“I will live in the Past, the Present, and the Future!” Scrooge repeated, as he scrambled out of bed. “The Spirits of all Three shall strive within me. I will not shut out the lessons that they teach.”
“It’s the most wonderful time of the year,” so the song goes setting its own challenges for institutions to make it wonderful. Barry Cryer said of Morecambe and Wise that: “Every time they created a great Christmas show, they’d create stress for themselves.” It is this stress that seems part and parcel of Christmas for far too many people, whether it’s the stress to make Christmas the best ever and how to get the presents and food right, or the worry about how to celebrate it without ‘offending’ people of different or no faith – people can get into quite a tizzy. And families… families…
Schools become a microcosm of different attitudes, some teachers can’t wait to put on a Santa hat, a Rudolph tie, brandish mistletoe in the staffroom and knock back the sherry. Others, more Scrooge-like, see the whole thing as a problem, especially where discipline is concerned and as a teacher I waver between the two positions. Drama teaching affords the possibility of doing a Nativity and/or a Panto, which, for me are both excellent teaching opportunities where tradition stands at the forefront of the lessons. The same with a Christmas Lunch, Carol Service, and the giving of cards and gifts to friends and colleagues. The Christmas drink and/or party is a good thing too and should be enjoyed. In all these we have the opportunity to celebrate: “Glory to God in the highest, and on earth peace, good will toward men.[ay, should we say ‘all’ rather than ‘men’?]” with varying degrees depending on the event and people’s faith or lack of it. The spirit or spirits can warm you and God and/or music or art can give you a glimpse of more than the mere day to day, and Christmas should be an opportunity for selfless acts rather than be a celebration of yet another ‘selfie’. And to ‘heaven’ with offending people, Christmas is part and parcel of how we do things around here.
How a school treats this season shapes how children see it. Some kids are subjected to endless ‘videos’ in endless lessons, endless because they never see the end of the ‘video’ before the bell interrupts the narrative. They eat mince pie and chocolate and drink squash and juice until they are heartily sick of having ‘fun’ and this might have a purpose to party them into submission so that they are so bored of festivities that they can’t wait to get home, or it can have the other effect of whipping them up into a frenzy of excitement that can only be disappointed with the ensuing come down, whenever it might occur. This endless Christmassing can cause unnecessary stress for other teachers who have to pick up the pieces or are trying to teach content until the bleakest end.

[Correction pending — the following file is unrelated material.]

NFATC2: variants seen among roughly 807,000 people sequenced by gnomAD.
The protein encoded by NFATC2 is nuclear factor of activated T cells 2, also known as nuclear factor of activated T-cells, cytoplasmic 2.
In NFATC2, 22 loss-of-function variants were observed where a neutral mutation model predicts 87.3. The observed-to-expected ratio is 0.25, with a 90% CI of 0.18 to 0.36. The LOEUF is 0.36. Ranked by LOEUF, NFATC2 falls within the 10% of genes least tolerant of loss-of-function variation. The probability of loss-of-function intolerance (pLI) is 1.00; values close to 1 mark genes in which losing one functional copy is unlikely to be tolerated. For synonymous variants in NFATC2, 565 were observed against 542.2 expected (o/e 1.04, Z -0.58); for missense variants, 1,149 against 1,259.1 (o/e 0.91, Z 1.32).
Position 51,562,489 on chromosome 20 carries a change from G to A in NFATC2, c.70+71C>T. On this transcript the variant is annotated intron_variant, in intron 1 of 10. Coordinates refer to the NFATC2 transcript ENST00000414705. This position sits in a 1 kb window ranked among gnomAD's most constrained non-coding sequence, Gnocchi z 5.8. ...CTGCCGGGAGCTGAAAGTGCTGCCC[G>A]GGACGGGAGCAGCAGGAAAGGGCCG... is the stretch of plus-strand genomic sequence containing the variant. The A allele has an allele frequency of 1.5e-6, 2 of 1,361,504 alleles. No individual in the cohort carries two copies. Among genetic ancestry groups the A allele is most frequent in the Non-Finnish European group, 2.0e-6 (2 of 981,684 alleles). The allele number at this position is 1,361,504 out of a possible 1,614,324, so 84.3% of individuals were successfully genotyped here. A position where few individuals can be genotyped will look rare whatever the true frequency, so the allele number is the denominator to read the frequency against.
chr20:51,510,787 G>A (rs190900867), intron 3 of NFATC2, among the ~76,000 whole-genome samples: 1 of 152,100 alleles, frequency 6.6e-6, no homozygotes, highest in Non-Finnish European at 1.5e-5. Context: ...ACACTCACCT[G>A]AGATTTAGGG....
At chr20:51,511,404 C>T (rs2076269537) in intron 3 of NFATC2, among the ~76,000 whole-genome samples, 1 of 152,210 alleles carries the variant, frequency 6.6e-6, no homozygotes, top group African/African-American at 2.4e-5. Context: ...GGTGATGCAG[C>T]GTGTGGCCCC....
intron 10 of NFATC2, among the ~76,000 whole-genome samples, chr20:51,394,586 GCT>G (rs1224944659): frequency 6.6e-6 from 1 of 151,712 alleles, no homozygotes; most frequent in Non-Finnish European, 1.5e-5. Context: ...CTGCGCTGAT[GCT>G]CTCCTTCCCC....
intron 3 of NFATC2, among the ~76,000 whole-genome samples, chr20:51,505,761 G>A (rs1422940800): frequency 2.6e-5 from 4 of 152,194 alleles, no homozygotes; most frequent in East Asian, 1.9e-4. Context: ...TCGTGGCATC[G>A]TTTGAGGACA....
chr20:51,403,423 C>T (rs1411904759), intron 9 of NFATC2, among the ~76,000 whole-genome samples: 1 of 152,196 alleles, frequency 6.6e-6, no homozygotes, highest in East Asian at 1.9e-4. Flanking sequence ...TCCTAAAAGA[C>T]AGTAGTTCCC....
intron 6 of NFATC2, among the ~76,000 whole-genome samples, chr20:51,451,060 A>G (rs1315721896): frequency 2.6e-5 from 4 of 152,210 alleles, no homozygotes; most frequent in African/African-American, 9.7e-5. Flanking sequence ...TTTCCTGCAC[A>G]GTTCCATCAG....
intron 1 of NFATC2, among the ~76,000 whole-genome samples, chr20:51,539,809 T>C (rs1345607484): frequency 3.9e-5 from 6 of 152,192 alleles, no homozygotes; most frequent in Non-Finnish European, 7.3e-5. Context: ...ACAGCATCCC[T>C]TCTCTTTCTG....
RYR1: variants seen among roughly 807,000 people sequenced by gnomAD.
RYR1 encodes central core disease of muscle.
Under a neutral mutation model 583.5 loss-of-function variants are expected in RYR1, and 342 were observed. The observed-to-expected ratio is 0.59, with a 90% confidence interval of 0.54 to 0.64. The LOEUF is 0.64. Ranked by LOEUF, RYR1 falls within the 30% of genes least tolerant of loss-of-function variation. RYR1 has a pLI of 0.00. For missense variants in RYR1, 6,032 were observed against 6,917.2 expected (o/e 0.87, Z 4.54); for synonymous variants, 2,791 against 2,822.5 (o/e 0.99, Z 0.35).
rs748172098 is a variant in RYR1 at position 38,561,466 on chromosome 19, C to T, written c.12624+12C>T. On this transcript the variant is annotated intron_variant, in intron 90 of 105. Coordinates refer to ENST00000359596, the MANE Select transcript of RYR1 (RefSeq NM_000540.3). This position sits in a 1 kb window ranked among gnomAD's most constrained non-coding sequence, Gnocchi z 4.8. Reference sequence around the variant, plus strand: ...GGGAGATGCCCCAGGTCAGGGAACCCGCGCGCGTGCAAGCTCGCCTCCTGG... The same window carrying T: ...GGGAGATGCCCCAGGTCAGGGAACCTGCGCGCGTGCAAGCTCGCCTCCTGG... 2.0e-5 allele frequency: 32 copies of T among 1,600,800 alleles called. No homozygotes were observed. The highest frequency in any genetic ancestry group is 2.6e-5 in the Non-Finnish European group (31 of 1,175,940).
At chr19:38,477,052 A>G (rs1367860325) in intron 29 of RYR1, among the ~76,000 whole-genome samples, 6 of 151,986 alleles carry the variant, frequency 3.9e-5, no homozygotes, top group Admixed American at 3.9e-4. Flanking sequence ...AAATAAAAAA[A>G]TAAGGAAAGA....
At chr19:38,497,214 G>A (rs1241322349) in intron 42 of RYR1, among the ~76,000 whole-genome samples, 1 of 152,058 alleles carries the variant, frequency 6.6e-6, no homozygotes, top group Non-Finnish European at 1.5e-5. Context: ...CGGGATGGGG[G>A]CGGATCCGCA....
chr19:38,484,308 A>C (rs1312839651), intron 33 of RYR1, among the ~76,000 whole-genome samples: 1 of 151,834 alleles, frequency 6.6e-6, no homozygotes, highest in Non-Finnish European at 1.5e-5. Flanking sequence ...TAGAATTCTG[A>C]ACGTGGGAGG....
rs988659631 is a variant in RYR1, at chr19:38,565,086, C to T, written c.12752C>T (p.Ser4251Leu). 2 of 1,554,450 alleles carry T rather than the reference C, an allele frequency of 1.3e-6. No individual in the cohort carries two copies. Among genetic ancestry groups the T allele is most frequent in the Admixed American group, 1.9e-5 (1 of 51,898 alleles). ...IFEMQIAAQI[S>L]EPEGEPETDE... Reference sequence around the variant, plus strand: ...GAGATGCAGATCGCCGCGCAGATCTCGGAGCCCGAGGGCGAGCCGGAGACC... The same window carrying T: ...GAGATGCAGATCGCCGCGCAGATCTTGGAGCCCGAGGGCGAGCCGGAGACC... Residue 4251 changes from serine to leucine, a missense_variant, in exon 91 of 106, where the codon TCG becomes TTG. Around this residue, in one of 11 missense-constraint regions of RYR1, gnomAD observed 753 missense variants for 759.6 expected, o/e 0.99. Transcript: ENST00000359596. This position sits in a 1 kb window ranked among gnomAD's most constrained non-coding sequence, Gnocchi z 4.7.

Voluntary work, raising money, making gifts are all better than watching the first forty minutes or so of ‘Nativity V’ or something…
I think teachers should teach until the end of term. By all means wear a tie, or a hat, or that Christmas Jumper because it’s for Charity on the last day of term, but don’t party on because it’s your last lesson with them until the new year. If you must do something different a competitive end of term quiz based on the University Challenge format can be fun, or the performance of the Pantomime. Give out cards as they leave your class and wish them a happy Christmas, I also give them a short list of books they could ask for on their Christmas list (one or two must haves for reading around the subject). Then, when the last lesson before the holidays is reached, whether it is timetabled or a form period – this can be the time for goodbyes, happy Christmassing, exchanging presents with those in that particular group, maybe a mince pie or two and watching the Morecambe and Wise Christmas Special from 1977. “BORING” they say, yes, but look at the comic acting, LEARN from the past say I, it will make you a better performer in the future…
Happy End of Term Christmas.
3 thoughts on “Scrooge and the Last Day of Term”
We used to do a staff panto for the kids on the last day of term. We spent the last 6 weeks or so of term writing and rehearsing it in our breaks. We always based it on the latest movies and bands (‘If you want to be my teacher’ and the ‘men in pink’ being two of my favourite memories.) It was an occasion of much hilarity and it gained you massive kudos forevermore in the eyes of the kids if you took part in it.
Of course this whole video/not video debate is an entirely secondary one, since in primaries around the land the teachers are too busy rehearsing and organising nativity plays to worry about whether or not to show a movie. 🙂
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It sounds like fun but the idea that it is to earn kudos from children is a bit creepy to say the least. Why does an adult need to seek the approval of children and spent 6 weeks of their lives doing so? Another reason why some should not be in education – too distracted by their own needs to focus on those of the children.
Reblogged this on The Echo Chamber.